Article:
Training for an event is obviously important, but what can you do to ensure that you have a smooth race day after all of your hard work? Below is a pre-race checklist for the day before and the morning of the event to ensure that your race day goes smoothly.
The Day Before:
Ensure that you know what time you need to arrive for the event. What time does your warm up start (if there is one) or when does your wave set off? How are you getting to the event and how long will it take you to get to the starting area? If you are relying on public transport, how frequent are the buses, trams or trains on the way to the event. How are you getting home afterwards? Planning ahead helps to minimize race day stress.
Fill out the back of your race number with the required information. The back of your race number will as for any medical conditions to be provided and also an emergency contact name and number. It is vital that the details are filled out in case of an emergency.
Attach race number to your top
I tend to do this before putting my top on, as I find it a little easier this way and you can ensure that your number is in the middle. I started off using the safety pins provided, however they used to leave marks in my clothing so I purchased some race clips. The clips were a bit harder to put on, and required holes cutting into the corners of my race number, but they left no permanent marks on my tops. I then invested in the most expensive method, magnets. The magnets are great as they are easy to attach and leave no marks at all, however they are a little pricey
Prepare your race fuelling
Pack your gels, water bottle or any other fuelling items that you may require during the race. All of these items should have been tested during training runs to ensure that there are no adverse effects on race day.
Plan and prepare your clothing
Take a look at the weather forecast and lay out your clothing ahead of time. The same principle applies here as to the fuelling section… nothing new on race day! When completing a run longer than half marathon distance, or if aiming for a personal best, it is best to avoid running in clothing which has not been trialled and tested during training runs as it may not be comfortable for an extended period of time. New items may chafe or cause irritation. Preparing your gear ahead of time ensures that you are ready on the day of the event and not stressing about getting all of your items together.
Eat a nutritional, high carbohydrate meal
Being vegetarian I often opt for a Quorn Bolognese with whole-wheat pasta so that I get protein and complex carbohydrates. Carbs are converted to glycogen by the body and are used by the muscles for energy. Loading up on carbs the day before a race ensures that your body has enough energy stores for the event. I wouldn’t fancy trying anything new here either, just in case it causes any stomach upset the next day.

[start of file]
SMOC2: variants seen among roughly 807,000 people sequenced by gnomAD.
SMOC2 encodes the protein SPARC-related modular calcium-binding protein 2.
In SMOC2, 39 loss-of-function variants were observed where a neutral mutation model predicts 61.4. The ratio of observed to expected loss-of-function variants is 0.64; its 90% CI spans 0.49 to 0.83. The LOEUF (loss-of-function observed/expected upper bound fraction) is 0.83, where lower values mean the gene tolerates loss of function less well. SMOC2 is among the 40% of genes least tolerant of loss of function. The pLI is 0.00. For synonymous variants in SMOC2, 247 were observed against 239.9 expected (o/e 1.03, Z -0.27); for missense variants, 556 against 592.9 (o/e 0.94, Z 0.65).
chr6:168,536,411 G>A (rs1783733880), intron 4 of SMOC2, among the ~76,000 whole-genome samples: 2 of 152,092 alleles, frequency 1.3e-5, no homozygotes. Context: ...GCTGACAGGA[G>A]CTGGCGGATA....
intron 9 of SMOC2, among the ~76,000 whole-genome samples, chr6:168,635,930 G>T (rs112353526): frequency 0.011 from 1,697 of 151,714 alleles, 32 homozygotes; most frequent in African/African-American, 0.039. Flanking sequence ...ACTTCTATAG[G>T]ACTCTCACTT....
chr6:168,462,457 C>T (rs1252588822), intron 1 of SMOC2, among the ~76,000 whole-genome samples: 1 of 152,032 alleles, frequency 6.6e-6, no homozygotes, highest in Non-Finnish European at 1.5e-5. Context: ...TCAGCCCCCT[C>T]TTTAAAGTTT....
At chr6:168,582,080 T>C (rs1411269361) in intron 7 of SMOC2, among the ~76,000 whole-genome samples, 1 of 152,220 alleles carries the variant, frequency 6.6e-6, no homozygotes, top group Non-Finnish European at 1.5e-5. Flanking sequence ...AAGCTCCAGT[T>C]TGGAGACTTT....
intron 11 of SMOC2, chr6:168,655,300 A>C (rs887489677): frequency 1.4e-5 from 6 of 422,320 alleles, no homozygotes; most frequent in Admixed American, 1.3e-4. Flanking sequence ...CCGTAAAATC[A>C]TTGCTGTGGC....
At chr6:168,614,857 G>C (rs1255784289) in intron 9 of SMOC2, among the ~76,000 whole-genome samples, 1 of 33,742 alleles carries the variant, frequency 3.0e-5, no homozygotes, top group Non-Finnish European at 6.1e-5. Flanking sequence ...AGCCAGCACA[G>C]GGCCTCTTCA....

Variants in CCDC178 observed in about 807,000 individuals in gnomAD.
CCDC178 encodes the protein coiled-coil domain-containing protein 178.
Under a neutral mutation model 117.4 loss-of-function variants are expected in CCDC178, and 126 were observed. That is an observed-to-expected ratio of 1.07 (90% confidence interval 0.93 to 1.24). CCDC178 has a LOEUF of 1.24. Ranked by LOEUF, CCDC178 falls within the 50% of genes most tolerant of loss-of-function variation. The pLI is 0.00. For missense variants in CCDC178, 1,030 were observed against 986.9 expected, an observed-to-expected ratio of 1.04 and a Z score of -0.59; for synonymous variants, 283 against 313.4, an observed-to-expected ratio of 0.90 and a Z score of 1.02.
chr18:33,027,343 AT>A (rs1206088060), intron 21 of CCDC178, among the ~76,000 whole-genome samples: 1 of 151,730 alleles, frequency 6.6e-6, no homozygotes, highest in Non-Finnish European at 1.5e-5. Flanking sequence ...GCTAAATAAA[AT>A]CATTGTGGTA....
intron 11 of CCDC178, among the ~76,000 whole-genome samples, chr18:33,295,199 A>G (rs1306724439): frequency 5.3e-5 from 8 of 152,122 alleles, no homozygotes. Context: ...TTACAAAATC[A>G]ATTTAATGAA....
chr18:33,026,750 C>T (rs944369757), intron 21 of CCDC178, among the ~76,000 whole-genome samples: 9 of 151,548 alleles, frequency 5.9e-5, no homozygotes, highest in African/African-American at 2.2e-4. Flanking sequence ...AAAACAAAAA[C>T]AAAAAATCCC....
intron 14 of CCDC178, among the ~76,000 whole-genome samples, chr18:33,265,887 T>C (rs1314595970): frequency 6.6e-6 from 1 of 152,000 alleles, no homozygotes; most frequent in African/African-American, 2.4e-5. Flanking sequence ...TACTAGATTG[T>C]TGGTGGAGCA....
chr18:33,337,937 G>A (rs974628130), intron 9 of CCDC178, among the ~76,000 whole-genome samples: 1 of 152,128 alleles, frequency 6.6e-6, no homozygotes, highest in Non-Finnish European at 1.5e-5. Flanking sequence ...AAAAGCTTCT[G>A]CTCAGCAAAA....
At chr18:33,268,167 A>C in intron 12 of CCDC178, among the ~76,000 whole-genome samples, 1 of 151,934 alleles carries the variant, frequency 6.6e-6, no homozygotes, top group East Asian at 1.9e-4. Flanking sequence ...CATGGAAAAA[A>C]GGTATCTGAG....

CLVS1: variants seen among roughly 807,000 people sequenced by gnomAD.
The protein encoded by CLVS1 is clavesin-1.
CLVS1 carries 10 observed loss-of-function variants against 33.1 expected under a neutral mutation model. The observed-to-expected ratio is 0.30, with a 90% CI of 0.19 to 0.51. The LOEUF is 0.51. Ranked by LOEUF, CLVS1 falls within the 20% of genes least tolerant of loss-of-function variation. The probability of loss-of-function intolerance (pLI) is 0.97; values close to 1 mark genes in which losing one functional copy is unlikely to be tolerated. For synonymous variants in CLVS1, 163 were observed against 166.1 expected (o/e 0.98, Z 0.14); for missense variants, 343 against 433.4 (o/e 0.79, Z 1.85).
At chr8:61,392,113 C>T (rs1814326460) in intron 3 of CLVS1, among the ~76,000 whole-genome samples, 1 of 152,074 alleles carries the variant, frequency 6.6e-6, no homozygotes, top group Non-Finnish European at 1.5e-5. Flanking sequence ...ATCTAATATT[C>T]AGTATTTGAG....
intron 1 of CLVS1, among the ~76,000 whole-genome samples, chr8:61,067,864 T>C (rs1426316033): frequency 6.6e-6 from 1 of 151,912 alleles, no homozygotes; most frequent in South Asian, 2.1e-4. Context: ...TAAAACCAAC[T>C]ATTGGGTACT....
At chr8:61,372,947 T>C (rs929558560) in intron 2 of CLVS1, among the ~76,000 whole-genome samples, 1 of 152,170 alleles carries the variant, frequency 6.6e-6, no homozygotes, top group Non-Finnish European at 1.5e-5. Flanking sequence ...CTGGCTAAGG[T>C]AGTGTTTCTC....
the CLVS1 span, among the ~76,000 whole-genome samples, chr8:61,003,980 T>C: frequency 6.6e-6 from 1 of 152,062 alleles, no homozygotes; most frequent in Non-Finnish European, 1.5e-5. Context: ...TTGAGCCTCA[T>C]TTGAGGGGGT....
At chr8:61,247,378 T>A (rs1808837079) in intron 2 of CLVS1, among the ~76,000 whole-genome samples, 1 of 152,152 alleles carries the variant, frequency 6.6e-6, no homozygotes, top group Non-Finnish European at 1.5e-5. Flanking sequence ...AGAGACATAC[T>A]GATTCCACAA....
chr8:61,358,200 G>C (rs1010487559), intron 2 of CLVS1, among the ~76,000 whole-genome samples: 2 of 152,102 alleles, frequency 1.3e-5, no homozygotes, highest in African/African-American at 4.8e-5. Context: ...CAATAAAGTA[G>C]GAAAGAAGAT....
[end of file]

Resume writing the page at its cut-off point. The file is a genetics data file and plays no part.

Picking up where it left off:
Drink plenty of water
This is an important point anyway, however it is especially important the day before a run as your body is going to lose water in the form of sweat. The body uses water to transport nutrients to your cells and remove waste. Water also helps to form the structures of protein and glycogen. Dehydration causes muscles to be deprived of electrolytes and can cause muscle cramping.
The Morning of the Event:
Ensure that you have a nutritional breakfast, preferably with slow releasing carbohydrates. My go-to race day breakfast is porridge with a banana – if I have to travel for over an hour to the event, then I will save the banana to eat around 20 minutes before the start of the race. Remember, nothing new on race day.
Have a glass of water or squash first thing in the morning. Drinking in the morning may also help you visit the bathroom before the start of your run! I try to avoid drinking a lot around 30 minutes before the race as it can make my stomach feel bloated and uneasy. If I do drink close to the start of the race, I just sip at my water or sports drink.
I arrive early for everything, so race days are no different. I like to ensure that I have time to get to the start line and I’m not left rushing around trying to find somewhere to park or waiting for my bus to arrive! Arriving early gives you time to find where you need to be, drop off any bags you may have, and use the toilet before you start. I get pre-race nerves and find myself using the toilet a lot on the morning of a big run.
Dress for mile 3 and not mile 1. It’s better to be a little cold at the starting line than sweating and overheating a mile or two into the race. Carrying excess clothing can be a pain, so if you do want to wear an extra layer when waiting at the start, you may want to consider wearing an old jacket that you don’t mind discarding.
Most races have charities who collect the leftover clothing from runners and either use it as charity shop stock, or donate it to the homeless. I’m a big fan of arm warmers as they keep me warmer at the starting area, but are easy to remove and put in my running pouch when I have warmed up.
Set Multiple Goals
Entering a race with a goal time in mind is quite common, however it can be beneficial to have multiple goal targets just in case the conditions on the day are not great. I like to have gold, silver and bronze goals. For example, at the moment, gold would be running a half sub-2:40, silver would be sub-2:42 and bronze would be getting sub-2:43 as my current personal best is 2:42:53. In an ideal scenario, sub-2:40 would be my main aim, however with bad weather or if I felt unwell, then sub-2:42 would be great. If there were multiple mitigating factors then finishing around my personal best would still be an achievement.